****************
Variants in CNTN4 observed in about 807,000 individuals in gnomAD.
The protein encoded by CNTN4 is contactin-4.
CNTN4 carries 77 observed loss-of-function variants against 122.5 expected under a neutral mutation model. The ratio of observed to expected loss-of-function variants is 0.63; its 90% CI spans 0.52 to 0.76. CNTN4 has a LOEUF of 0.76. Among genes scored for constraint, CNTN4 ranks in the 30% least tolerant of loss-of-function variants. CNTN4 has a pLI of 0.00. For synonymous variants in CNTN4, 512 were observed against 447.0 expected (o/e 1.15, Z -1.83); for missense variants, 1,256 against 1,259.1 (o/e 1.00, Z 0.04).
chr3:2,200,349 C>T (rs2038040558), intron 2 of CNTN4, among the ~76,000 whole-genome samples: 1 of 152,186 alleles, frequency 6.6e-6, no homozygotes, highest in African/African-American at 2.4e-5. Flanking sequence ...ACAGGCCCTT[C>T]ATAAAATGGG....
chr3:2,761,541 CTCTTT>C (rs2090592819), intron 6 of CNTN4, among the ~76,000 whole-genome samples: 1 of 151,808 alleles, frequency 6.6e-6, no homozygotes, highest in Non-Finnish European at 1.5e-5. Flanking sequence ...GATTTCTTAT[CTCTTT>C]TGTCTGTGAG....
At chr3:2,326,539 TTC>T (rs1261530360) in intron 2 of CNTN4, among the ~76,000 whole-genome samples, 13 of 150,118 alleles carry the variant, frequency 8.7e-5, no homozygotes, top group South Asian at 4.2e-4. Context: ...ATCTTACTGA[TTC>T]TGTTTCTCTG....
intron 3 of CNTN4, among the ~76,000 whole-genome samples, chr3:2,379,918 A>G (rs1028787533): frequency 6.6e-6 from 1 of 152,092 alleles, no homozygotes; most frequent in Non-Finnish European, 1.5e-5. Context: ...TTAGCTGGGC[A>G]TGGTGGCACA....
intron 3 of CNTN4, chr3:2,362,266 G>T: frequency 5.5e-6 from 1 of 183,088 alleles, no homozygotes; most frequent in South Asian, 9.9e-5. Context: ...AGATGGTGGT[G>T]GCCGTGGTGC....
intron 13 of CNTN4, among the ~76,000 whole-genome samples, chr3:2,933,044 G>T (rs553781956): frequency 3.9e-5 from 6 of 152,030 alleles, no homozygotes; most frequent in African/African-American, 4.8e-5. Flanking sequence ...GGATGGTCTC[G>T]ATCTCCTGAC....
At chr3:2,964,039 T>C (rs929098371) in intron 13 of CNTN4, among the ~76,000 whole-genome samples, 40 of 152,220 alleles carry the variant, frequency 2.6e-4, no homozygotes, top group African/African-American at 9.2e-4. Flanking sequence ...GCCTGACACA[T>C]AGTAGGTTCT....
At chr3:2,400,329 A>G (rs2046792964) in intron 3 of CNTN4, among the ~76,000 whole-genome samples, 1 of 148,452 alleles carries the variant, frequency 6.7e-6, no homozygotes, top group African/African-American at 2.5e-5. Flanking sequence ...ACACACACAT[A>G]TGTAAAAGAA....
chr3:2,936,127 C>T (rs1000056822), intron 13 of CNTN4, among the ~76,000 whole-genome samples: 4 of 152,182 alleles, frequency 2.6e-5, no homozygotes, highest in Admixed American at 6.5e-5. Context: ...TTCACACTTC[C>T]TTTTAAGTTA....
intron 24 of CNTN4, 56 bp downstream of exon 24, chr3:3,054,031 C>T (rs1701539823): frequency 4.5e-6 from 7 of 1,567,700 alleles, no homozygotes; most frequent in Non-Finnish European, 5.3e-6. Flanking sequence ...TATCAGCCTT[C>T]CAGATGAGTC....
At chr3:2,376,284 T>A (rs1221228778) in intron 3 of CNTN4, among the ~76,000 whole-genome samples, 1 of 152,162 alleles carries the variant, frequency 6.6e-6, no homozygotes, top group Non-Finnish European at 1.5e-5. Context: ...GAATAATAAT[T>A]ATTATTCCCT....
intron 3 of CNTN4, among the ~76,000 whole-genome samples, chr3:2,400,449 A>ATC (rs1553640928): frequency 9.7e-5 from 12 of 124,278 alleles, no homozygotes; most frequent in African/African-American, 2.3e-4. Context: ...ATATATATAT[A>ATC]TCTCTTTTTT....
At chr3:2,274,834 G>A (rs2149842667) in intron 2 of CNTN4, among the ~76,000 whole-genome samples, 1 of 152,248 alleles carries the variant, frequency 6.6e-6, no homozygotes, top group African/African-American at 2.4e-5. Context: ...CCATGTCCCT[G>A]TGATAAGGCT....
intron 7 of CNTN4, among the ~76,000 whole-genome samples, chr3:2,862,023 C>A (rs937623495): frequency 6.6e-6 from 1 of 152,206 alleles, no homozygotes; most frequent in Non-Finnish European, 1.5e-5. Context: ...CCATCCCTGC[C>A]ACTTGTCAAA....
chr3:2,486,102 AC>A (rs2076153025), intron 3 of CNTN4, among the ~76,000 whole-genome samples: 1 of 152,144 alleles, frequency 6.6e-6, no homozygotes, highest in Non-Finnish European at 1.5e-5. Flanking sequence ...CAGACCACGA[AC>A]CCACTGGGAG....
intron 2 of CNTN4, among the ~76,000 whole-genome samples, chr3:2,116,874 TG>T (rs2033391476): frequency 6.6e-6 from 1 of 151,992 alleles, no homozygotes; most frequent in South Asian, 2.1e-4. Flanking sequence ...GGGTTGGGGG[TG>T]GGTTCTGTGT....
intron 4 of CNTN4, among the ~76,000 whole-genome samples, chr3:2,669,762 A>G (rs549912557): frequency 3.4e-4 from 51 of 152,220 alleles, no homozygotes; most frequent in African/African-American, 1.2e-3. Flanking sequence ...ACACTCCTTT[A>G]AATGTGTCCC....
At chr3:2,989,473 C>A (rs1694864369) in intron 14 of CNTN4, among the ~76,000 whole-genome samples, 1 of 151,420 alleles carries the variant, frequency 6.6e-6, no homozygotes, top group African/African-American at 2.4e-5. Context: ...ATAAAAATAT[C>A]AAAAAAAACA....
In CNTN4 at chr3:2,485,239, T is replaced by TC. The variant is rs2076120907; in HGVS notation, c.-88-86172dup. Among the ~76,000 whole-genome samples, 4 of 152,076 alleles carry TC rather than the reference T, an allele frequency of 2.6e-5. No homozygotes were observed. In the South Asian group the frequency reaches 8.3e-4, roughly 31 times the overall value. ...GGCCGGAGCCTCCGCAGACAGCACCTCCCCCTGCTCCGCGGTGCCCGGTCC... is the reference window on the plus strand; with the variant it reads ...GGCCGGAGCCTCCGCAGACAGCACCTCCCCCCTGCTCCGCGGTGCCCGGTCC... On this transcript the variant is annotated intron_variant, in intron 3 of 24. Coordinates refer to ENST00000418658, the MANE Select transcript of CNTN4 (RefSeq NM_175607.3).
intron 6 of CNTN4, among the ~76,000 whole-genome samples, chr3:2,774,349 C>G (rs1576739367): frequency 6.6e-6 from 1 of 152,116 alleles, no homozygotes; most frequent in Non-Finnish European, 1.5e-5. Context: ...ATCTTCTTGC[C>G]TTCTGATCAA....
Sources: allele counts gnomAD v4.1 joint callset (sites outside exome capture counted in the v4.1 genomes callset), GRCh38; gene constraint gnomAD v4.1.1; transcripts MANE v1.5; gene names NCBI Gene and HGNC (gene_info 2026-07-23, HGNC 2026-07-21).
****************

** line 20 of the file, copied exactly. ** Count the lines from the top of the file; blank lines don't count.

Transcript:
intron 4 of CNTN4, among the ~76,000 whole-genome samples, chr3:2,669,762 A>G (rs549912557): frequency 3.4e-4 from 51 of 152,220 alleles, no homozygotes; most frequent in African/African-American, 1.2e-3. Flanking sequence ...ACACTCCTTT[A>G]AATGTGTCCC....